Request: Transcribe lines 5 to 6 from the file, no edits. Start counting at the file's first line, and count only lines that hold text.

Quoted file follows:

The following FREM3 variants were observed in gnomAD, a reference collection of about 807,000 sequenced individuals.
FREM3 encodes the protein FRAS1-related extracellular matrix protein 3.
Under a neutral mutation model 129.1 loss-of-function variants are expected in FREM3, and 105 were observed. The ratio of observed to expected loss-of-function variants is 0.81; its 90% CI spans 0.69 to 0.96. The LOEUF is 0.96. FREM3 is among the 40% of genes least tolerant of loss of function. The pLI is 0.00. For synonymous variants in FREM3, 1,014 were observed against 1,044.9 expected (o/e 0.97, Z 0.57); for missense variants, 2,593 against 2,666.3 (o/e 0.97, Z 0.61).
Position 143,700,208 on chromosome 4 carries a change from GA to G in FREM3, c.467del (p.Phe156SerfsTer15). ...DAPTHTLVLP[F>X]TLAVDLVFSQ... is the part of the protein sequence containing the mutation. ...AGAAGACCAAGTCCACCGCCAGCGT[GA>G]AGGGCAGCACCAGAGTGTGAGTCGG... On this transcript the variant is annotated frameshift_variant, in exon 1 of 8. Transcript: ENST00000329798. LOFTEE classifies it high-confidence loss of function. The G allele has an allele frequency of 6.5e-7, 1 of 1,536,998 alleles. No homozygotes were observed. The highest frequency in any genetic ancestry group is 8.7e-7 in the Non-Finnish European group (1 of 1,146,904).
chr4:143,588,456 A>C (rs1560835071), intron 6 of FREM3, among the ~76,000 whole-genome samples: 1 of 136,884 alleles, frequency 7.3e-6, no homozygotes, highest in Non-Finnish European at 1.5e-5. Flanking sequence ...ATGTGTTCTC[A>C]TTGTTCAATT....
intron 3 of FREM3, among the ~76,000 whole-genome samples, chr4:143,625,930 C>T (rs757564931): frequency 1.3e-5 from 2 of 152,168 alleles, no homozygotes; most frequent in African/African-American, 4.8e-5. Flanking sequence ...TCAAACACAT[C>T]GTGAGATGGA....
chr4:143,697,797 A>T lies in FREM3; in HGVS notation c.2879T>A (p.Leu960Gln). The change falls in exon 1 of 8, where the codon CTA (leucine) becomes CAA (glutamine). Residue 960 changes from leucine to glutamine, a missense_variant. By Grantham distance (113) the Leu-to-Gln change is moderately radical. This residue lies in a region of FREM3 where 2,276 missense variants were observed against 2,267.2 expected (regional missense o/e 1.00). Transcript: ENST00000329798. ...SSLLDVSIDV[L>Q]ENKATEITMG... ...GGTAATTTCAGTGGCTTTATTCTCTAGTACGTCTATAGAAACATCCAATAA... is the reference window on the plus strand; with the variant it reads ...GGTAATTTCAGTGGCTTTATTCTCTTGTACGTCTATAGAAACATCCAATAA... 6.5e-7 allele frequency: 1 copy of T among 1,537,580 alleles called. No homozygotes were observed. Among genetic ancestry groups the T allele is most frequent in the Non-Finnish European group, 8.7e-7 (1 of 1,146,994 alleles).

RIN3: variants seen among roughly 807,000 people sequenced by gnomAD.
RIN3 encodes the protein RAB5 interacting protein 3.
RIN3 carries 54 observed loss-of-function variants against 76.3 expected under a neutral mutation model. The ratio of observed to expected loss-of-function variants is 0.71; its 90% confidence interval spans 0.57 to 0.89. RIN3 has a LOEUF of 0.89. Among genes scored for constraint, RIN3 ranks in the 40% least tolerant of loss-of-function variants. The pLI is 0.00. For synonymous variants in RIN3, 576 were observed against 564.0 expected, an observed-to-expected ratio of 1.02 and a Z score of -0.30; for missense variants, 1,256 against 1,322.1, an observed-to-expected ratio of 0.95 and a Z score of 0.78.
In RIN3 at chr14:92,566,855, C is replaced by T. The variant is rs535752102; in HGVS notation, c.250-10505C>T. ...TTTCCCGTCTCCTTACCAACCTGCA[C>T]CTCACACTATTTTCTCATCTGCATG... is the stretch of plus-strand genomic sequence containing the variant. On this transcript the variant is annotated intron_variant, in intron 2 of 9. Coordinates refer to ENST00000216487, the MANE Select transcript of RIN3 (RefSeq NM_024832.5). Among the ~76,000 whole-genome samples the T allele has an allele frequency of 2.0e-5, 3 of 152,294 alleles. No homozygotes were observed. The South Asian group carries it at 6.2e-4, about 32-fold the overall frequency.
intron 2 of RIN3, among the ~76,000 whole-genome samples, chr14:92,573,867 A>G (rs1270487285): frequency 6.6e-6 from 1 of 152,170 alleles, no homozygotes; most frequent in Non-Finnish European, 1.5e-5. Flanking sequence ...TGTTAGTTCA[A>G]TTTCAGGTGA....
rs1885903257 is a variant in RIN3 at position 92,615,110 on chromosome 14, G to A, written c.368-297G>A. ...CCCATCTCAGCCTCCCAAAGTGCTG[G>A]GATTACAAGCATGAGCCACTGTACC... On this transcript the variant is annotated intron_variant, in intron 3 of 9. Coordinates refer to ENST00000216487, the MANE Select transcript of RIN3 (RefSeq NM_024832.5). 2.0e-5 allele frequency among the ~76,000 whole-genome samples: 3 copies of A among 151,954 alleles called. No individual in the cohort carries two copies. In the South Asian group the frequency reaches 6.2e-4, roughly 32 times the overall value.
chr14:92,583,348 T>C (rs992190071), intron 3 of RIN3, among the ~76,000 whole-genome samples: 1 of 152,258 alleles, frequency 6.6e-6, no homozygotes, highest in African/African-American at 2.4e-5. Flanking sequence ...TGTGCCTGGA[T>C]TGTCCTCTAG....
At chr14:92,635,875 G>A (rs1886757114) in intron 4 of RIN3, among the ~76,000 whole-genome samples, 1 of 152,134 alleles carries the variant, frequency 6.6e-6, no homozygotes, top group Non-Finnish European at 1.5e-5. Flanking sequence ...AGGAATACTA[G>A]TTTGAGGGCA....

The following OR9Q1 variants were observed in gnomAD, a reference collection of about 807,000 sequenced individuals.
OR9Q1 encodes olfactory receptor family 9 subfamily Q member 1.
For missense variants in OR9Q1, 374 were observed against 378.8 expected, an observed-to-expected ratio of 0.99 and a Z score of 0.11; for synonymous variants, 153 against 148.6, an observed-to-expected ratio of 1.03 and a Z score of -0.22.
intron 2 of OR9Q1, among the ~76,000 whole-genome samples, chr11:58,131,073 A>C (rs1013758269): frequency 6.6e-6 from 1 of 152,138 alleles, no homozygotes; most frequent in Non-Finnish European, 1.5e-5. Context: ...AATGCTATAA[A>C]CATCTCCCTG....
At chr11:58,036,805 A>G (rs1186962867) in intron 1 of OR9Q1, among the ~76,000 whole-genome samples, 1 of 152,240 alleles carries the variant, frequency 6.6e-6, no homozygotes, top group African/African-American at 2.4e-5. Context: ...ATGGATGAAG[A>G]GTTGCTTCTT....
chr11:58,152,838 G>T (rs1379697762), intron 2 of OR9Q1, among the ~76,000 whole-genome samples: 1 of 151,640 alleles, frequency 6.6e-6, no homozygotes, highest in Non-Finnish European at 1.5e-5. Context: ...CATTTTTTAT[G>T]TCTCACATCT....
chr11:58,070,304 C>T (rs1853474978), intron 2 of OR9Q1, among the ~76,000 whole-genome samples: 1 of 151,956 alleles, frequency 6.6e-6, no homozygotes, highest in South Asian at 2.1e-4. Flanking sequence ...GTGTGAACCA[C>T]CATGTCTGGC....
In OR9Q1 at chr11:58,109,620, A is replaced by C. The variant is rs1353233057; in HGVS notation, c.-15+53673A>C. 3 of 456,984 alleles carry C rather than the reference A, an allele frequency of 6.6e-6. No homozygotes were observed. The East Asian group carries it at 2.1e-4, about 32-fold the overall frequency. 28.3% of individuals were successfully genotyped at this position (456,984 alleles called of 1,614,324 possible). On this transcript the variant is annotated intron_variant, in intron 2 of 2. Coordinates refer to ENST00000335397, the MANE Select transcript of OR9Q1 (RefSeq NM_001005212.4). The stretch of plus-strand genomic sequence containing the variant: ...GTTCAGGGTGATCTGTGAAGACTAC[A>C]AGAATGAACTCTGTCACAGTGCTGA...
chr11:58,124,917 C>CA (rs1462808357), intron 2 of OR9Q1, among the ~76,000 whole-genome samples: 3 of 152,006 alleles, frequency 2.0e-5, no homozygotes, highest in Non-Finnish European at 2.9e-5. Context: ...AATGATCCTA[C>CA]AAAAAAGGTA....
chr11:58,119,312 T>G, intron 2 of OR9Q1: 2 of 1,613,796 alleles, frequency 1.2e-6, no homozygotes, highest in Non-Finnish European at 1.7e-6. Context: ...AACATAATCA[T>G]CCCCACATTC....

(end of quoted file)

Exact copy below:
chr4:143,588,456 A>C (rs1560835071), intron 6 of FREM3, among the ~76,000 whole-genome samples: 1 of 136,884 alleles, frequency 7.3e-6, no homozygotes, highest in Non-Finnish European at 1.5e-5. Flanking sequence ...ATGTGTTCTC[A>C]TTGTTCAATT....
intron 3 of FREM3, among the ~76,000 whole-genome samples, chr4:143,625,930 C>T (rs757564931): frequency 1.3e-5 from 2 of 152,168 alleles, no homozygotes; most frequent in African/African-American, 4.8e-5. Flanking sequence ...TCAAACACAT[C>T]GTGAGATGGA....